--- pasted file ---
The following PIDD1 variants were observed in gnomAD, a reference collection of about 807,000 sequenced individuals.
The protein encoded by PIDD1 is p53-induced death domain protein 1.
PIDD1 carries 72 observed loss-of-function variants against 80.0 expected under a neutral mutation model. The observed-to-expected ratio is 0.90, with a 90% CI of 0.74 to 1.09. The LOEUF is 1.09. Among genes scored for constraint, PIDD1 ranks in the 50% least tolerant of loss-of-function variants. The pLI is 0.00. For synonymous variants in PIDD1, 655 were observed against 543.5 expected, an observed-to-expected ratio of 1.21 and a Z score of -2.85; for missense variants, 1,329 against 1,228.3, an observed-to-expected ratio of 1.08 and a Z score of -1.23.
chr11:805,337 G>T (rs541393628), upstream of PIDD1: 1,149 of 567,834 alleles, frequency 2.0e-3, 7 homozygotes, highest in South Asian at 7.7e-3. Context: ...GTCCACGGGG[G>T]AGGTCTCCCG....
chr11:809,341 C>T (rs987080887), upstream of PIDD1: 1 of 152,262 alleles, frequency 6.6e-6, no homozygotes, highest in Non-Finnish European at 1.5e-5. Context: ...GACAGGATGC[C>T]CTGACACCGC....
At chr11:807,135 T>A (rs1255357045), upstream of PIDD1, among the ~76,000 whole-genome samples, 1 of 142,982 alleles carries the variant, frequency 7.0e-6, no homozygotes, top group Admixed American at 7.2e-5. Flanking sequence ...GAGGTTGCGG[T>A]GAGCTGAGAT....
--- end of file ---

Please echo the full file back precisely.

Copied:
The following PIDD1 variants were observed in gnomAD, a reference collection of about 807,000 sequenced individuals.
The protein encoded by PIDD1 is p53-induced death domain protein 1.
PIDD1 carries 72 observed loss-of-function variants against 80.0 expected under a neutral mutation model. The observed-to-expected ratio is 0.90, with a 90% CI of 0.74 to 1.09. The LOEUF is 1.09. Among genes scored for constraint, PIDD1 ranks in the 50% least tolerant of loss-of-function variants. The pLI is 0.00. For synonymous variants in PIDD1, 655 were observed against 543.5 expected, an observed-to-expected ratio of 1.21 and a Z score of -2.85; for missense variants, 1,329 against 1,228.3, an observed-to-expected ratio of 1.08 and a Z score of -1.23.
chr11:805,337 G>T (rs541393628), upstream of PIDD1: 1,149 of 567,834 alleles, frequency 2.0e-3, 7 homozygotes, highest in South Asian at 7.7e-3. Context: ...GTCCACGGGG[G>T]AGGTCTCCCG....
chr11:809,341 C>T (rs987080887), upstream of PIDD1: 1 of 152,262 alleles, frequency 6.6e-6, no homozygotes, highest in Non-Finnish European at 1.5e-5. Context: ...GACAGGATGC[C>T]CTGACACCGC....
At chr11:807,135 T>A (rs1255357045), upstream of PIDD1, among the ~76,000 whole-genome samples, 1 of 142,982 alleles carries the variant, frequency 7.0e-6, no homozygotes, top group Admixed American at 7.2e-5. Flanking sequence ...GAGGTTGCGG[T>A]GAGCTGAGAT....